One month later, after the consumption of oral clarithromycin for fever and respiratory infection, the child had an episode of anaphylaxis and she was again admitted to our Paediatric Acute and Emergency Room. On that occasion, her mother referred that the same reaction had previously occurred with the consumption of other antibiotics and in particular with penicillin, amoxicillin and ampicillin, so that antibiotic treatment in this child was difficult to establish. Therefore, the child was hospitalised for four days, during which oral azithromycin was started. During the hospitalisation the child did not manifest any disturbance, but when she was discharged, a second assumption of the same drug provoked another allergic reaction, most likely referable as urticaria. Thus, the child was admitted a third time to our Pediatric Acute and Emergency Unit, and in particular she underwent a Pneumologic and Allergologic consult.

When the child came to our observation, her physical exam showed the presence of skin wheal erythematous manifestations, each of 2–3cm in diameter, spread all over her body, and all over her face and trunk. These manifestations were itching and they appeared as pale red, raised bumps, lasting about one hour and resolving spontaneously. Dermographism was present. She also presented a harsh breath with whistles by the lung, associated with respiratory failure.

We again performed routine blood analyses that revealed high IgE levels (245UI/l) and, on this occasion, considering her multiple food and drug sensitisation, we also performed an extensive patch test for various additives (True Test™, Stallergenes). The patch test was applied to the upper back of the patient and covered with individual square plastic chambers. They were kept in place with special hypoallergenic adhesive tape. After 48h the child returned to the physician and the result was positive for SMB (with a wheal of 8mm of diameter). We also performed the dosage of serum specific IgE for sulphite by ELISA immuno-enzymatic reaction, and they resulted positive for SMB. On the contrary, when we performed the allergological diagnosis for drug allergy, the tests were negative. Therefore, on the basis of her clinical history, as all the drugs she administered contained SMB as addictive, and by the patch test result, a diagnosis of SMB allergy was made, warning her parents to avoid all foods and drugs containing this additive. Moreover an egg, tomato, chocolate and wurstel free-diet was started and it resulted in a sudden improvement of her gastroenteric and cutaneous symptoms.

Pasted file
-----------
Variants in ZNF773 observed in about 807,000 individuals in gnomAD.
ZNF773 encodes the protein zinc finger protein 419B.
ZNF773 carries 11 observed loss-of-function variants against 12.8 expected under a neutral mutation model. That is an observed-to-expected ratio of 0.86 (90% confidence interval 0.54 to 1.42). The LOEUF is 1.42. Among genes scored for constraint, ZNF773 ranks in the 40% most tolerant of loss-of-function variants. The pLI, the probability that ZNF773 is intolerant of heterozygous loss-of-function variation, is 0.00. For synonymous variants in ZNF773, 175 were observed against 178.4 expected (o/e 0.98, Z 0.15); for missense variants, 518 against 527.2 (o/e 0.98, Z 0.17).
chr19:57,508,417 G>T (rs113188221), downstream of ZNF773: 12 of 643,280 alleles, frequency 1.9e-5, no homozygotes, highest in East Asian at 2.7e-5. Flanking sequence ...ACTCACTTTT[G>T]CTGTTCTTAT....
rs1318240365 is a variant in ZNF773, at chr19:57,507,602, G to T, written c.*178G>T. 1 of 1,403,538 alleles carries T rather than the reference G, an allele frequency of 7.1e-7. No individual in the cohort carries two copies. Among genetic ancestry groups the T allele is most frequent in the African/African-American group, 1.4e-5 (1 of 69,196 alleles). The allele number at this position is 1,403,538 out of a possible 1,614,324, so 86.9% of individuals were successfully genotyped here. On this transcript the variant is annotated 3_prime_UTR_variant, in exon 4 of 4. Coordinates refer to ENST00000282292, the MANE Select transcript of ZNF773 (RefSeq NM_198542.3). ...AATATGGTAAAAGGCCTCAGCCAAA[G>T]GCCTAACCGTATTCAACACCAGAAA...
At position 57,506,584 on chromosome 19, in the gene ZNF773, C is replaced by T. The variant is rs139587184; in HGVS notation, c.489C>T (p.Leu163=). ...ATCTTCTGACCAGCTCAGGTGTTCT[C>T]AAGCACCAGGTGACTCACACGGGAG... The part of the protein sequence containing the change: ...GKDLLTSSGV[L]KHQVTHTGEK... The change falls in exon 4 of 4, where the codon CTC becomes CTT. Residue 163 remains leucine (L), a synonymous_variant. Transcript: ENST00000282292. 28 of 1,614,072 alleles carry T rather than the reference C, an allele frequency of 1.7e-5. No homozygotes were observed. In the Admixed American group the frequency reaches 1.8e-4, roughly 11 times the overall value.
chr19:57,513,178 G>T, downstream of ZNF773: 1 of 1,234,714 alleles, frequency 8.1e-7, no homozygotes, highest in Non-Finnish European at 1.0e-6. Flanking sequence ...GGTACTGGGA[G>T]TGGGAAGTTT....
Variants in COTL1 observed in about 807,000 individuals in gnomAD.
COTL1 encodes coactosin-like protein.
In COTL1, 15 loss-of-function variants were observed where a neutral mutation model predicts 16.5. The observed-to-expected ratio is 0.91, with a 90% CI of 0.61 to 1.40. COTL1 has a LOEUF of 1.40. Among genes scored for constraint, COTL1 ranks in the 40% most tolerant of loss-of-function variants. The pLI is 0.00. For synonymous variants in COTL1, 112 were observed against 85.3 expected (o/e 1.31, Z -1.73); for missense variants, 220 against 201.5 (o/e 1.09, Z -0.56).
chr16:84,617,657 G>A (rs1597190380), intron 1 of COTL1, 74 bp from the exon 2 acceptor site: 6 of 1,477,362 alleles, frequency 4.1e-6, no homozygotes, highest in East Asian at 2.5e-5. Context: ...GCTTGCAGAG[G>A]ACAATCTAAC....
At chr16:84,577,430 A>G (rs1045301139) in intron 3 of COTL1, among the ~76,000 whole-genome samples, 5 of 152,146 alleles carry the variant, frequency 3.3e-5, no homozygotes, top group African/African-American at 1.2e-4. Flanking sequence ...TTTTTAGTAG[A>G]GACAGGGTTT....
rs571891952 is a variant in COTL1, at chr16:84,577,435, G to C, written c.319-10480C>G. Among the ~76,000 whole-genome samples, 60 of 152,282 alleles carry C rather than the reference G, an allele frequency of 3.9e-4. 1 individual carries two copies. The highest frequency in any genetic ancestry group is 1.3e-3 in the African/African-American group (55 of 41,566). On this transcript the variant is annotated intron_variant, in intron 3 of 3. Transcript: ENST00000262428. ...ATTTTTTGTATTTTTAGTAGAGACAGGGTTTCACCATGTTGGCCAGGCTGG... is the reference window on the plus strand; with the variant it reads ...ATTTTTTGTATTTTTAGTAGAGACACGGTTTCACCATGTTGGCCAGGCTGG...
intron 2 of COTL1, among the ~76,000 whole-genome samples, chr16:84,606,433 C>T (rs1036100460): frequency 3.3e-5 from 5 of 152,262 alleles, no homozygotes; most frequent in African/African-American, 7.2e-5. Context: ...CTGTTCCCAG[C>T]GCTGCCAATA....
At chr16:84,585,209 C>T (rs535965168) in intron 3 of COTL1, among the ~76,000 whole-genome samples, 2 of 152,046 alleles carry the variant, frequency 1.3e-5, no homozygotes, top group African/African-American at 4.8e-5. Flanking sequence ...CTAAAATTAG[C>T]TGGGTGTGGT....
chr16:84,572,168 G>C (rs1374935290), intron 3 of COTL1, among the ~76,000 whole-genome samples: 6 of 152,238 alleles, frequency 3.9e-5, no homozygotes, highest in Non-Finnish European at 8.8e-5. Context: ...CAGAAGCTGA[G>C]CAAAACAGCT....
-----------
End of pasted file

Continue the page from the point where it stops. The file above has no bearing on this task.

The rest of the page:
The peculiarity of this report is the wide cross-reactivity of food and drug allergy present in a child with SMB hypersensitivity. Moreover, in literature, there is no description of allergy caused by SMB in childhood. The only two literature data on SMB hypersensitivity in this age group report two studies on SMB challenge in asthmatic children.2,3 In particular, Boner et al., in 1990, studied 56 children, between 6 and 14 years of age, to evaluate bronchoconstrictive airway responses after ingestion of varying doses of potassium bisulphite, administered in capsule or in solution.2 They found that only six children had a positive bronchoconstrictive response after the ingestion of a maximum dose of potassium bisulphite in capsule.

Previously, in 1984, Tonnes et al.3 led a challenge on 29 children with SMB in capsule, and to all children with a positive response, a diet that excluded foods containing SMB was prescribed. After three months on these restricted diets, the children were reassessed to determine any therapeutic response. The authors found a 66% of incidence of positive challenge with SMB, and none of the children reacted to SMB in capsule form (maximum dose=100mg), but 19/29 reacted to SMB in solution with 30mL of 0.5% citric acid.

SMB is recognised as a potential cause of airway irritation and possibly occupational asthma. As a matter of fact, in adulthood there are several reports on occupational hypersensitivity to SMB, described in a photographer technician,4 a radiographer,5 and in patients working in the fish processing industry.6 Moreover SBM has also been reported as the cause of a great percentage of drug allergy in adulthood, and in particular for contact dermatitis after usage of an anti-haemorrhoidal cream,7 hydrocortisone cream,8 lidocaine,9 and even fresh fish6 and beer.10 The most common foods, cosmetics and drugs containing SMB are listed in Table 1.